wearable devices

Wearable devices provide data for runners – and doctors

Jul 19, 2023

About one in five Americans are now wearing technology to learn more about their bodies. They have different reasons for wanting to collect the data from devices like smart watches, Oura rings, or Fitbits.

Many are interested in physical fitness and track the number of steps they take, their respiration or heart rates, or their “sleep score.”

Others are managing chronic conditions, like heart disease or diabetes.

Still others, like 22 year-old Rachel Petersen, use their wearables to do both.

Rachel, a compliance, quality and regulatory specialist with the Minneapolis Heart Institute Foundation (MHIF), ran Grandma’s Marathon in June and will run the Medtronic TC 10-mile  in October. She uses her Apple Watch during races and as a training tool. “It shows your overall running time, heart rate, splits per mile, and distance,” says Rachel. “On another screen it shows your heart rate zones of 1 to 5.”

Keeping track of those zones is helpful when people are training, she notes. Zone 1 is 50 to 60 percent of your maximum heart rate, and zone 5 is 90 to 100 percent. “When you’re training, you don’t want to be in zone 5 constantly. When I go for a longer run, I want to stay in zone 3.”

Along with her Apple Watch, Rachel uses the Strava app, a tracking and social media platform for runners and cyclists, to stay motivated. “Many of my runner friends track each other’s progress, which makes it fun.”

Perhaps less fun, but more important, Rachel tracks her blood sugar through a continuous glucose monitor, or CGM. She was diagnosed with Type 1 diabetes 11 years ago. “My Apple Watch is connected to my CGM, so I can see the reading as I run.” She has to keep her blood sugar high enough to sustain her energy as she trains. “Especially on longer runs, it can be hard to keep my number up. Many runners in general use sports drinks to maintain their electrolytes. I use them to get my blood sugar back up.”

Tracking data for heart health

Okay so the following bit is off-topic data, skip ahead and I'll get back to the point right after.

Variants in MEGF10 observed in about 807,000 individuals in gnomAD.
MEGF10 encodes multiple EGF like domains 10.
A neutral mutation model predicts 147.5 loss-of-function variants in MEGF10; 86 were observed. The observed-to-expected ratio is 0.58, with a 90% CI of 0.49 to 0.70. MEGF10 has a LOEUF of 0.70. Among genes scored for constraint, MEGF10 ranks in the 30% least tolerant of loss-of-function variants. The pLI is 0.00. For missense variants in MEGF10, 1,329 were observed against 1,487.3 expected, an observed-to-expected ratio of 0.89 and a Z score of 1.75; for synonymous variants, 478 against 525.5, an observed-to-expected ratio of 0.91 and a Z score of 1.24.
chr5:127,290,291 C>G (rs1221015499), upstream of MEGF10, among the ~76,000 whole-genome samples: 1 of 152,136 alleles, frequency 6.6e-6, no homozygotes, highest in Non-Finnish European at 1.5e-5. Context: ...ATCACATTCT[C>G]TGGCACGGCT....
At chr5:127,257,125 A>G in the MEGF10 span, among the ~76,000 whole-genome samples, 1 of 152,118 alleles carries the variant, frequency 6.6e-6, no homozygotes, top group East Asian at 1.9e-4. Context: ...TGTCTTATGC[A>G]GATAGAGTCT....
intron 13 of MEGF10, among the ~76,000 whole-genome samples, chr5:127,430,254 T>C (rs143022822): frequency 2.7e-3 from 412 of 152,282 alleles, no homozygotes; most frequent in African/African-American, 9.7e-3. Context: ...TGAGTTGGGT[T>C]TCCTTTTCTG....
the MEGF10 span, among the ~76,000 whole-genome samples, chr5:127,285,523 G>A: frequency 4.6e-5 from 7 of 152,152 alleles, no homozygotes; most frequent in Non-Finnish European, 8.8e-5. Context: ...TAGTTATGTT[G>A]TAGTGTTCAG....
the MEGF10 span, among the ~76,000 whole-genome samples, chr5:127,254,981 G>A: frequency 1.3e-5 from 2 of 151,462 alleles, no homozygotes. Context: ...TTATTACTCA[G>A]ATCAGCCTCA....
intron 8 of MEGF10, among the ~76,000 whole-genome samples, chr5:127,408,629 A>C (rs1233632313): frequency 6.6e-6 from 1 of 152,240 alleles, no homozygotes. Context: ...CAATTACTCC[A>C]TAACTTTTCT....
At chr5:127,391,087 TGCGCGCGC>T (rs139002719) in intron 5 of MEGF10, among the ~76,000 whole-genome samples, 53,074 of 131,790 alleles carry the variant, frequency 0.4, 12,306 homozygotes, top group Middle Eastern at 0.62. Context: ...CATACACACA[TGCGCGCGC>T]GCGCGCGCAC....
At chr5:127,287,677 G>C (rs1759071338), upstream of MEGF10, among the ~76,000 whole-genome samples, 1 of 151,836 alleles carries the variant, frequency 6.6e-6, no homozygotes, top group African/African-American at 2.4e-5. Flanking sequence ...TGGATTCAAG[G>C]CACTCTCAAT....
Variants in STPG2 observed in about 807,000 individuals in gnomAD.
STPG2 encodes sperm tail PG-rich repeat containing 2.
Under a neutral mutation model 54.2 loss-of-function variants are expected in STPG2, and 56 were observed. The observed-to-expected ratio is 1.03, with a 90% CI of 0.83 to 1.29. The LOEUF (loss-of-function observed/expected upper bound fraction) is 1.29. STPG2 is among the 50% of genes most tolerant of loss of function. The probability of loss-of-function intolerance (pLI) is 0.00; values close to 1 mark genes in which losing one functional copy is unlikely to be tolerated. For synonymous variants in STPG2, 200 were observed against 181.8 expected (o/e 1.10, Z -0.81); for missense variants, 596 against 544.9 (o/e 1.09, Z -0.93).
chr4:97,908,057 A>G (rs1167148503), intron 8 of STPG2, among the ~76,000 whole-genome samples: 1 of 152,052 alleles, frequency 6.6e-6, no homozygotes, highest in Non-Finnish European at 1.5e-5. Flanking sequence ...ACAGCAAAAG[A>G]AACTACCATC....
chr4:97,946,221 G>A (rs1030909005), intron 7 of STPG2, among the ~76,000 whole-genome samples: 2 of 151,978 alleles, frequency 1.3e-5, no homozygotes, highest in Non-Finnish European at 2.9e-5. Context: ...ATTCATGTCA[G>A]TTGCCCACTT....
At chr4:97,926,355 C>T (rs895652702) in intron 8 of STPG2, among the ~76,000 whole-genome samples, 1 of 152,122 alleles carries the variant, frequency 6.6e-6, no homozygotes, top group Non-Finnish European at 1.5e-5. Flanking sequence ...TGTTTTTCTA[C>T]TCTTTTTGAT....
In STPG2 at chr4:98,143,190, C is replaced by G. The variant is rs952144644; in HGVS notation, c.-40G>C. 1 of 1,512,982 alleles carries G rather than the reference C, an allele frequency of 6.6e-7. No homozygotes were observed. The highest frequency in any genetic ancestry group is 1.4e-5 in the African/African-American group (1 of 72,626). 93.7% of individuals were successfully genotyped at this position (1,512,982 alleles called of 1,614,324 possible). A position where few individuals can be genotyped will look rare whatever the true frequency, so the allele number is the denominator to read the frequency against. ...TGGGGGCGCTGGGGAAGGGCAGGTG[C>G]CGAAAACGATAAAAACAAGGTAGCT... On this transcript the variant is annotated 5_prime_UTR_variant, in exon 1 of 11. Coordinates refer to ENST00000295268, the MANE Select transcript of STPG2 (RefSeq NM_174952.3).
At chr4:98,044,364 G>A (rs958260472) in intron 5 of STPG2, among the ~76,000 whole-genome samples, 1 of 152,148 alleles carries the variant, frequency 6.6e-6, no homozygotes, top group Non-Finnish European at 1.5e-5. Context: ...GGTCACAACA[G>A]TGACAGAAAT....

Dr. Joe Jensen, a third-year cardiology fellow at Hennepin Healthcare and the Minneapolis Heart Institute, has studied many wearable devices, which first came onto the broad consumer market in 2009. He recently presented about wearable devices during an MHIF On the Pulse webinar (a physician speaker series focused on heart-related topics). He discussed a variety of devices that help current and prospective heart patients keep track of “Life’s Essential 8: the key measures for improving and maintaining cardiovascular health, as defined by the American Heart Association.” These eight essentials tell us we protect our hearts when we eat better, are more active, quit tobacco, get healthy sleep, manage weight, control cholesterol, manage blood sugar, and manage blood pressure.

Dr. Jensen has used a number of wearables personally. He spends his nights in a Sleep Number bed that tracks how well he rests. He also uses a Lumen, a small hand-held device users can breathe into to monitor their metabolism. The app tells them whether they’re burning fat or carbohydrates, how to eat, and how best to exercise on any given day.

He sees Life’s Essential 8 as a useful framework – with data about each of the eight measured nearly round the clock – for creating “individual risk predictions.” Dr. Jensen says that, by and large, there remains a huge opportunity for the medical profession to incorporate these devices and the data they collect. While infrastructure to analyze the data is coming, right now people who track information like heart rate, blood pressure and sleep quality can share it with their physicians, who in turn use it to create “individual risk predictions and target those at high risk” for a heart attack. 

“These devices will lead to better, more individualized care for our patients, with truly actionable data,” Jensen says.

On a personal level, Rachel says the technology she uses to track her race training and blood sugar “does help me feel healthier. It provides extra motivation to stay active, maybe get in a couple extra steps here and there.

“It’s helpful for a lot of different things.”

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We are honored to celebrate the culmination of years of research that has resulted in new technologies for patients! In the few last weeks, we announced a similar research milestone with the FDA approval of the TriClip system for tricuspid regurgitation. We celebrated this important milestone with local media KSTP-TV, who spotlighted the importance of this new technology. We were proud to be a leading clinical site led by Global PI Dr. Paul Sorajja and the MHIF research team who contributed significant data to the pivotal trial.